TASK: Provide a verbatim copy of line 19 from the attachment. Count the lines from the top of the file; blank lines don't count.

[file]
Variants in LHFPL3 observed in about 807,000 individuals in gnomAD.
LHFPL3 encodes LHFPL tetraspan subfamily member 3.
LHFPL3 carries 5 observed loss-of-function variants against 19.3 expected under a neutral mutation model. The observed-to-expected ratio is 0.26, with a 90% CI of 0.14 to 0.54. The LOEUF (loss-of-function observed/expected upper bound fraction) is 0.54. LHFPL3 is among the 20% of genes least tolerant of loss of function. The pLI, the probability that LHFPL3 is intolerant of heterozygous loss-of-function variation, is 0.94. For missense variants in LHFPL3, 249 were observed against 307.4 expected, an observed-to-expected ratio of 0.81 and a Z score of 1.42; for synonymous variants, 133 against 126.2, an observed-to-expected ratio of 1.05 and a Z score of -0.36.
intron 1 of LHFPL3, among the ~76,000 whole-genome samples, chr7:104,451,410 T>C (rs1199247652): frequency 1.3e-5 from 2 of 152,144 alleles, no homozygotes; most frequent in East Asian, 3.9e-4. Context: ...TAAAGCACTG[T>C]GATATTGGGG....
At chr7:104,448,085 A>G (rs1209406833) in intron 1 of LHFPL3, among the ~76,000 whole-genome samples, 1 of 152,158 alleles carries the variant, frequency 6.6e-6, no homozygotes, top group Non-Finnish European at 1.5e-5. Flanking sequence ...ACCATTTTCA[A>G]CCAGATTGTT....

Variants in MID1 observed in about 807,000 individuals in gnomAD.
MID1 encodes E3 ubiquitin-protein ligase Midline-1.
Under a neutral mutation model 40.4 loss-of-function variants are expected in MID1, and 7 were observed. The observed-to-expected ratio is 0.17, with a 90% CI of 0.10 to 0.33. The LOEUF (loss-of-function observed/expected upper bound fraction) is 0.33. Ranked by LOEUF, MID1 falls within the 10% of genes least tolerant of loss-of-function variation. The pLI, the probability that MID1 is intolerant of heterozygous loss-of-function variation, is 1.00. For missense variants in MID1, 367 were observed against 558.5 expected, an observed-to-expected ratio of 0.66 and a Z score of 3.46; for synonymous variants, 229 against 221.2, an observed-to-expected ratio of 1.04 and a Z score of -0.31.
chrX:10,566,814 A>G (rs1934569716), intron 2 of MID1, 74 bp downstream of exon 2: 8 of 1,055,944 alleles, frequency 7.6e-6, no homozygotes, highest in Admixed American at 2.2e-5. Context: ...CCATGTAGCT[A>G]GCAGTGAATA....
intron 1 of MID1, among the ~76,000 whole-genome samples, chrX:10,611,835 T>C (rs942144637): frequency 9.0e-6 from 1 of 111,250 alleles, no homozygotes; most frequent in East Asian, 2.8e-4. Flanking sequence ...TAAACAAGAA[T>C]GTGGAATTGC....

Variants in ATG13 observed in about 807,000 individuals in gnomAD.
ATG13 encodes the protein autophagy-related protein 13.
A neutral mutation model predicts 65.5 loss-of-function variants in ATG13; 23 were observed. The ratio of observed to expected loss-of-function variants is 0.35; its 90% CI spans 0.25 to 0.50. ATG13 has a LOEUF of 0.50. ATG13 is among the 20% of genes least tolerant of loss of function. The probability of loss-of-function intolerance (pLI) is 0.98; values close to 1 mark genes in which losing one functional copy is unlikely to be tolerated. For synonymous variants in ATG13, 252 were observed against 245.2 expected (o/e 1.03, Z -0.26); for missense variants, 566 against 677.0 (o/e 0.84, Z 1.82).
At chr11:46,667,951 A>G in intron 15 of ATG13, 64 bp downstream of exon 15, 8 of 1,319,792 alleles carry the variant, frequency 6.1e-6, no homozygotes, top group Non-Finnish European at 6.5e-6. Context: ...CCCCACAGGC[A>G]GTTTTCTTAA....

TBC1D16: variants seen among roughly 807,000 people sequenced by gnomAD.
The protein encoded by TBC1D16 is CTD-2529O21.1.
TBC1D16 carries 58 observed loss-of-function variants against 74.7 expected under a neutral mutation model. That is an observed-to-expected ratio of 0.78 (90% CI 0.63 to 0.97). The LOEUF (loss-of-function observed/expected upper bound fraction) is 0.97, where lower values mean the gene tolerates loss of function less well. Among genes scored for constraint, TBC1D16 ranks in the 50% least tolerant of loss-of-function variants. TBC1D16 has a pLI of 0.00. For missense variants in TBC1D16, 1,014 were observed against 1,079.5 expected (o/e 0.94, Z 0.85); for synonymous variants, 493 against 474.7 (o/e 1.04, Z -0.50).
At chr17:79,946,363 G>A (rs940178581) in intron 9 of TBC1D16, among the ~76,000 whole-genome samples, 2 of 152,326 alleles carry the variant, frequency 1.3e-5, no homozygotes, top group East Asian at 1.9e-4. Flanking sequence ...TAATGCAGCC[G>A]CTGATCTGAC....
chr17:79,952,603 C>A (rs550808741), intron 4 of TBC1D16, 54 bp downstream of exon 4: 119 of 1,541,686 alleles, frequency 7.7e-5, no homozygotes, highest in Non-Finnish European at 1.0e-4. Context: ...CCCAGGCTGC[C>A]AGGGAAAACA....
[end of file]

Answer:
chr17:79,952,603 C>A (rs550808741), intron 4 of TBC1D16, 54 bp downstream of exon 4: 119 of 1,541,686 alleles, frequency 7.7e-5, no homozygotes, highest in Non-Finnish European at 1.0e-4. Context: ...CCCAGGCTGC[C>A]AGGGAAAACA....